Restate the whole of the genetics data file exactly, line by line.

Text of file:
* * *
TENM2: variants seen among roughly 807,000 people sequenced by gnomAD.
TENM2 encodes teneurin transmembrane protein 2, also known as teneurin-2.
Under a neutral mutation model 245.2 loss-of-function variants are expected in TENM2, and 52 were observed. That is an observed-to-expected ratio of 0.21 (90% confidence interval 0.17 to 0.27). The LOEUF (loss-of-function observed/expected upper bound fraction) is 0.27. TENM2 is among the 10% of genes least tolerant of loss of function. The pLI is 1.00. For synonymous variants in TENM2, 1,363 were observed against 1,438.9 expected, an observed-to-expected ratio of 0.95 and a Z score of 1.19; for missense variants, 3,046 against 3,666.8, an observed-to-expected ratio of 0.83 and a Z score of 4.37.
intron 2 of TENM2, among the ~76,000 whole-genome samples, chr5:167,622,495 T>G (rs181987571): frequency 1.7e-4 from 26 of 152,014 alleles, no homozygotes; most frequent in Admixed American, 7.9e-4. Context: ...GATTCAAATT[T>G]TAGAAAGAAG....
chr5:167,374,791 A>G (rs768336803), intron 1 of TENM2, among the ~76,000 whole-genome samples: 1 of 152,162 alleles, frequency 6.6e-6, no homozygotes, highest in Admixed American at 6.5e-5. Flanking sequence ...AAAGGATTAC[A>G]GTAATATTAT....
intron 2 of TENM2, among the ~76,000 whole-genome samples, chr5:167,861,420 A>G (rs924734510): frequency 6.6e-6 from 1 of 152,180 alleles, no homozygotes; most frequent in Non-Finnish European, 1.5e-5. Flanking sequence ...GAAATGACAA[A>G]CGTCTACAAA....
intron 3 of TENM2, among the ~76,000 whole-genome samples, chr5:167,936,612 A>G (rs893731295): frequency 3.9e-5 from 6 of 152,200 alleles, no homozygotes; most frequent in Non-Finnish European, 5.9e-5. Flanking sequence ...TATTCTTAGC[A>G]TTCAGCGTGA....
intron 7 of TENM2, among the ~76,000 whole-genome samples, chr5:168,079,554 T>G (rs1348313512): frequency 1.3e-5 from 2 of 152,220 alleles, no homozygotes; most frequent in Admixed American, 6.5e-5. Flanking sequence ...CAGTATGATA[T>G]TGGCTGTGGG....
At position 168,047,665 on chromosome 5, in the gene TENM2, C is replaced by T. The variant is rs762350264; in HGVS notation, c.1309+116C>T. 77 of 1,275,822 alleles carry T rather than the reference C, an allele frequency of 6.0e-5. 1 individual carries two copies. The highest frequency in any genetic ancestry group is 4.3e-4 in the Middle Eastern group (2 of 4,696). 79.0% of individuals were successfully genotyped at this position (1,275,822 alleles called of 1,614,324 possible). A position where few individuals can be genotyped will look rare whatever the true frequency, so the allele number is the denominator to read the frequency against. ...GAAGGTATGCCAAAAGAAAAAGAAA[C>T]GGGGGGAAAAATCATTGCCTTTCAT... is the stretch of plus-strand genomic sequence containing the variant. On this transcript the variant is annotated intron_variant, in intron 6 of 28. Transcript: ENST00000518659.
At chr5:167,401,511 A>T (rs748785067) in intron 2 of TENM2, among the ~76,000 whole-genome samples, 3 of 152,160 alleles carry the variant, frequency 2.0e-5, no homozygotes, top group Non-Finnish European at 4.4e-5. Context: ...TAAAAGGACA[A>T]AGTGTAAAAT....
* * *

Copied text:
TENM2: variants seen among roughly 807,000 people sequenced by gnomAD.
TENM2 encodes teneurin transmembrane protein 2, also known as teneurin-2.
Under a neutral mutation model 245.2 loss-of-function variants are expected in TENM2, and 52 were observed. That is an observed-to-expected ratio of 0.21 (90% confidence interval 0.17 to 0.27). The LOEUF (loss-of-function observed/expected upper bound fraction) is 0.27. TENM2 is among the 10% of genes least tolerant of loss of function. The pLI is 1.00. For synonymous variants in TENM2, 1,363 were observed against 1,438.9 expected, an observed-to-expected ratio of 0.95 and a Z score of 1.19; for missense variants, 3,046 against 3,666.8, an observed-to-expected ratio of 0.83 and a Z score of 4.37.
intron 2 of TENM2, among the ~76,000 whole-genome samples, chr5:167,622,495 T>G (rs181987571): frequency 1.7e-4 from 26 of 152,014 alleles, no homozygotes; most frequent in Admixed American, 7.9e-4. Context: ...GATTCAAATT[T>G]TAGAAAGAAG....
chr5:167,374,791 A>G (rs768336803), intron 1 of TENM2, among the ~76,000 whole-genome samples: 1 of 152,162 alleles, frequency 6.6e-6, no homozygotes, highest in Admixed American at 6.5e-5. Flanking sequence ...AAAGGATTAC[A>G]GTAATATTAT....
intron 2 of TENM2, among the ~76,000 whole-genome samples, chr5:167,861,420 A>G (rs924734510): frequency 6.6e-6 from 1 of 152,180 alleles, no homozygotes; most frequent in Non-Finnish European, 1.5e-5. Flanking sequence ...GAAATGACAA[A>G]CGTCTACAAA....
intron 3 of TENM2, among the ~76,000 whole-genome samples, chr5:167,936,612 A>G (rs893731295): frequency 3.9e-5 from 6 of 152,200 alleles, no homozygotes; most frequent in Non-Finnish European, 5.9e-5. Flanking sequence ...TATTCTTAGC[A>G]TTCAGCGTGA....
intron 7 of TENM2, among the ~76,000 whole-genome samples, chr5:168,079,554 T>G (rs1348313512): frequency 1.3e-5 from 2 of 152,220 alleles, no homozygotes; most frequent in Admixed American, 6.5e-5. Flanking sequence ...CAGTATGATA[T>G]TGGCTGTGGG....
At position 168,047,665 on chromosome 5, in the gene TENM2, C is replaced by T. The variant is rs762350264; in HGVS notation, c.1309+116C>T. 77 of 1,275,822 alleles carry T rather than the reference C, an allele frequency of 6.0e-5. 1 individual carries two copies. The highest frequency in any genetic ancestry group is 4.3e-4 in the Middle Eastern group (2 of 4,696). 79.0% of individuals were successfully genotyped at this position (1,275,822 alleles called of 1,614,324 possible). A position where few individuals can be genotyped will look rare whatever the true frequency, so the allele number is the denominator to read the frequency against. ...GAAGGTATGCCAAAAGAAAAAGAAA[C>T]GGGGGGAAAAATCATTGCCTTTCAT... is the stretch of plus-strand genomic sequence containing the variant. On this transcript the variant is annotated intron_variant, in intron 6 of 28. Transcript: ENST00000518659.
At chr5:167,401,511 A>T (rs748785067) in intron 2 of TENM2, among the ~76,000 whole-genome samples, 3 of 152,160 alleles carry the variant, frequency 2.0e-5, no homozygotes, top group Non-Finnish European at 4.4e-5. Context: ...TAAAAGGACA[A>T]AGTGTAAAAT....